Highest left-handed stands, and West Indies' fourth-innings woes
Was the partnership between Tamim Iqbal and Imrul Kayes in Khulna the biggest between two left-handers in Tests? asked Pascal Bounin from the Netherlands
Tamim Iqbal and Imrul Kayes put on 312 for Bangladesh's first wicket against Pakistan in Khulna, a national record for any wicket and the 12th-highest opening stand in all Tests. But there has been one higher partnership by two left-handers in a Test: for West Indies against Australia in Kingston in 1998-99, Brian Lara (213) and Jimmy Adams (94) put on 322 for the fifth wicket after Pedro Collins retired hurt. Sourav Ganguly and Yuvraj Singh put on exactly 300 for India's fifth wicket against Pakistan in Bangalore in 2007-08. The previous-highest opening partnership between two left-handers was 273, by Marcus Trescothick and Andrew Strauss for England against South Africa in Durban in 2004-05.
It was said during the climax in Bridgetown that West Indies have never failed to reach a target of 200 in a Test - is that right? asked James Ellington from England
Rather surprisingly, perhaps, it's true that West Indies have never failed to overhaul a fourth-innings target of 200 or fewer to win a Test. The lowest target they fell short of is 214, against Pakistan in Dacca (now Dhaka) in 1958-59: despite Garry Sobers top scoring (45), West Indies were all out for 172, and lost by 41 runs. The damage was done in the first innings, really: West Indies declined from 56 for 2 to 76 all out, with none of the last six batsmen managing to score a run at all.
Jonathan Trott retired with an impressive ODI batting average of more than 50. Where does he stand on this list? asked Udendra from Sri Lanka
Jonathan Trott, who played his last one-day international in Cardiff in 2013, finished with a batting average of 51.25 from his 68 matches (65 innings). That puts him seventh overall, given a minimum of 20 innings. The list is headed by the Dutchman Ryan ten Doeschate, who averaged 67; next at the moment is Hashim Amla, some way behind on 55.26. Other current players on the list are AB de Villiers (53.65), MS Dhoni (52.46) and Virat Kohli (51.47); Michael Bevan averaged 53.58, helped by 67 not-outs from his 228 innings. Trott is a long way clear of the next England player, Kevin Pietersen (40.73). For the full list, click here.
I noticed that in the 1901-02 Ashes match you referred to last week, Sydney Barnes took 13 wickets for England, and Monty Noble 13 for Australia. Is this a record for bowlers from opposing teams? And did they later open a bookstore together? asked Lionel Birkan from Israel
There have now been exactly 50 instances of a bowler taking 13 or more wickets in a Test, and that instance in Melbourne in 1901-02 - when Barnes took 13 for 163 and Noble 13 for 77 - is the only time it happened twice in the same match. For the full list of bowlers taking 13 or more in a Test, click here. As for the bookstore, it's a great idea - but sadly it wasn't that particular twosome who started it. The business started up in New York in 1886, and became Barnes & Noble after a change of ownership in 1917.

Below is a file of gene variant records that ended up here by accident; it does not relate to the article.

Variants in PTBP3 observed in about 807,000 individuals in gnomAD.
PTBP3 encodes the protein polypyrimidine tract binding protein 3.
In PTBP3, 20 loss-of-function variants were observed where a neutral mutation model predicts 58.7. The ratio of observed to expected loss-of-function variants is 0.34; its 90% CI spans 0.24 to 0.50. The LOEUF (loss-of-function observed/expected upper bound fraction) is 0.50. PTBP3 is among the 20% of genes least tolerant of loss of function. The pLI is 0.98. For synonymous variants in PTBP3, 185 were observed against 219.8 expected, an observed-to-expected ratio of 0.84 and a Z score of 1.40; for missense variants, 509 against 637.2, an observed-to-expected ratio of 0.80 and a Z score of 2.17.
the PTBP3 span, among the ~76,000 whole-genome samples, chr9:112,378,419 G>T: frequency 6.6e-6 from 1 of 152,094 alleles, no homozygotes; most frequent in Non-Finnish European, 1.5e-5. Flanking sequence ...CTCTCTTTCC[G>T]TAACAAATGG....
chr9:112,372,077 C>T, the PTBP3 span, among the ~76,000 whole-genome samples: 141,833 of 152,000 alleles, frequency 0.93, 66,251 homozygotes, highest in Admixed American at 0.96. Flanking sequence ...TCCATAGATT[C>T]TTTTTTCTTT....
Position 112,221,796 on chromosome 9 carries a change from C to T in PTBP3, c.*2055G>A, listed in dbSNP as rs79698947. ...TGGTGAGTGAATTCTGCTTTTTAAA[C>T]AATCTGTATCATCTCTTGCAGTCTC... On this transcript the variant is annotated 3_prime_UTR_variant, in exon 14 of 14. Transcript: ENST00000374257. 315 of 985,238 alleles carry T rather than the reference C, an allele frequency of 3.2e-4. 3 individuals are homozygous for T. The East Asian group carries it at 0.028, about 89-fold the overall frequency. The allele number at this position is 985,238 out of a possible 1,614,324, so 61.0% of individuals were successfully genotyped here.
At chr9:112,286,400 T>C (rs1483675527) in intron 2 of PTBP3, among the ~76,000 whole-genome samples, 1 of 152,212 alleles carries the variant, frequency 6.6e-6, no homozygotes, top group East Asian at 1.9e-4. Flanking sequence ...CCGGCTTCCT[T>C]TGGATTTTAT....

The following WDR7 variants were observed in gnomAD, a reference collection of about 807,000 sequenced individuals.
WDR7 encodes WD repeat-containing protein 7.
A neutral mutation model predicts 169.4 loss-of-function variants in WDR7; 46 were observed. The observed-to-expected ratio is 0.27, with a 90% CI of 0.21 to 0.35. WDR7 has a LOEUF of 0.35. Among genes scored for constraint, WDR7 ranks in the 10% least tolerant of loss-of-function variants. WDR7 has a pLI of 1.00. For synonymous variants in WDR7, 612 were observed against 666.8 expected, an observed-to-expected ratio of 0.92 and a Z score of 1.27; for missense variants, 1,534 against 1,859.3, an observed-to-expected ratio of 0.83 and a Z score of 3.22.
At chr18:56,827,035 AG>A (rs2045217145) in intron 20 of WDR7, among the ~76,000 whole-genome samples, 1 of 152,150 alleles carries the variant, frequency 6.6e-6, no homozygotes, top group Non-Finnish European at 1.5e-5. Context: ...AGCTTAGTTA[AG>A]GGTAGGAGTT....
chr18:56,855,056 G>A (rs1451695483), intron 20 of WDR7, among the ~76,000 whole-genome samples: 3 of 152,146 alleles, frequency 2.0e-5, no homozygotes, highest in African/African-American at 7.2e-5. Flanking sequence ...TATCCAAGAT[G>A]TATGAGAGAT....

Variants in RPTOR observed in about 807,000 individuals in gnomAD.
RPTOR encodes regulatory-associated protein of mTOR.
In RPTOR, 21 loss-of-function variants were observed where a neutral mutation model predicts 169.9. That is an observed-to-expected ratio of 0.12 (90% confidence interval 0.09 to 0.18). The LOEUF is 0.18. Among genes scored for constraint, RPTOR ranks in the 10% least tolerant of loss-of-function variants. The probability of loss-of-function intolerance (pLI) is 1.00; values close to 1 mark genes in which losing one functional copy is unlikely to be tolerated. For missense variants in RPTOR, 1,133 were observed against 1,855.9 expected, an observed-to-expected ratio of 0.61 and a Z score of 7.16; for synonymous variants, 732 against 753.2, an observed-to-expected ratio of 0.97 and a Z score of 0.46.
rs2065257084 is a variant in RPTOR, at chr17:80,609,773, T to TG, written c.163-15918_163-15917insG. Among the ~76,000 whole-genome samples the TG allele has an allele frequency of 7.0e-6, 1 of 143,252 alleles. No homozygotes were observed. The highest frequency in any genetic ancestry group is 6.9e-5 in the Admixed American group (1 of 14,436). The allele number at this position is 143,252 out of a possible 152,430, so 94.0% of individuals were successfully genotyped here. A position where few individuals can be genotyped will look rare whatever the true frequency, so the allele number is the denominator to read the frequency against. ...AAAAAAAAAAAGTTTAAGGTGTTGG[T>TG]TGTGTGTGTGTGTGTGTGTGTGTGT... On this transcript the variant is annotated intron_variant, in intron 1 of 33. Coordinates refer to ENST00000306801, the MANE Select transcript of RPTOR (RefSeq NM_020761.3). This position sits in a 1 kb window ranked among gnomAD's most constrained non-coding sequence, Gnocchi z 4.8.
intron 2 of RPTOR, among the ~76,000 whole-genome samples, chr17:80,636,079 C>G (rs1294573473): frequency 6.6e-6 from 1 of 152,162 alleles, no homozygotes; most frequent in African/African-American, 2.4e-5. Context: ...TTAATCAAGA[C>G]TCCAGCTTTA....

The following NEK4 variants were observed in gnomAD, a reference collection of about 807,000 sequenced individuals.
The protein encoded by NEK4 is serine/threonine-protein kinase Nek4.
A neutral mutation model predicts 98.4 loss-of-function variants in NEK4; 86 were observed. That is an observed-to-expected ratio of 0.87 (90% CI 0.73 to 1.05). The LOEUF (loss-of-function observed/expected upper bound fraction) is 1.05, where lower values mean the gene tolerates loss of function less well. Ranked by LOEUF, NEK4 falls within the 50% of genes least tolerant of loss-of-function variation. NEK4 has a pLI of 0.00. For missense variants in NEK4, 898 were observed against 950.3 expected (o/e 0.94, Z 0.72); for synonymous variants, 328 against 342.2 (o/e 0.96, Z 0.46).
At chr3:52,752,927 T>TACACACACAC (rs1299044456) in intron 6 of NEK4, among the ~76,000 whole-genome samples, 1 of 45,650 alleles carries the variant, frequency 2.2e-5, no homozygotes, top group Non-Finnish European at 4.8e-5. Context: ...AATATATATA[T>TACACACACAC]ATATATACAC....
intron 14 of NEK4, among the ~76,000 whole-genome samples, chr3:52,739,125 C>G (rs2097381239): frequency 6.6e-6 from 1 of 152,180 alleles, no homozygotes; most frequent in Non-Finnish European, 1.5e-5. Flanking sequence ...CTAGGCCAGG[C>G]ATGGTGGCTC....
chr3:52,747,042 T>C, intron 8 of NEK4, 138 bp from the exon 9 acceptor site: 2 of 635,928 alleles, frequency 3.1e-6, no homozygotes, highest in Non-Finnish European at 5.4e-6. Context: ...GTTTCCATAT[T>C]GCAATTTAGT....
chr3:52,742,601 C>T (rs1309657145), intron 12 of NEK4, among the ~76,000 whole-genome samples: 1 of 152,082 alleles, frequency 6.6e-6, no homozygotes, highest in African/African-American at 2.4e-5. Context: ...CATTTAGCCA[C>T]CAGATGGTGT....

Faoud Bacchus played 19 Test matches, all on different grounds. Has anyone played more? asked Zaheer Ahmed from the UAE
The elegant West Indian batsman Faoud Bacchus does hold this particular record - all his 19 Tests were on different grounds. The Indian bowlers Narendra Hirwani and Ashish Nehra come next: they both played 17 Tests, at 17 different venues. Not surprisingly, perhaps, Test cricket's most-capped player holds the overall record for the most grounds played on: Sachin Tendulkar played Tests on 59 different grounds. Shivnarine Chanderpaul is just behind, with 58 so far. Charles Bannerman and Dave Gregory, who both represented Australia in the very first three Tests in the 1870s, are the only men to play a total of three Tests all at the same venue - Melbourne.
Mahmudullah effected a stumping while filling in as wicketkeeper for Bangladesh against Pakistan during the first Test. Is he the first player to have a stumping and a five-wicket haul to his name in Tests? asked Scott Hazebroek from Australia
Mahmudullah is actually the second man to complete this particular double, adding a stumping (Zulfiqar Babar) in Khulna recently to his 5 for 51 in the victory over West Indies in St Vincent in 2009. But the old New Zealand allrounder John Reid had done this before. He collected a stumping (the England opener Peter Richardson) while deputising for the injured Eric Petrie at Old Trafford in 1958, then in 1963-64 claimed 6 for 60 against South Africa in Dunedin, his victims all coming from the top eight in the batting order (the other two were run out). According to Wisden, South Africa "collapsed in the face of Reid's offcutters following an opening partnership of 117 between Trevor Goddard and Eddie Barlow".
Steven Lynch is the editor of the Wisden Guide to International Cricket 2014. Ask Steven is now on Facebook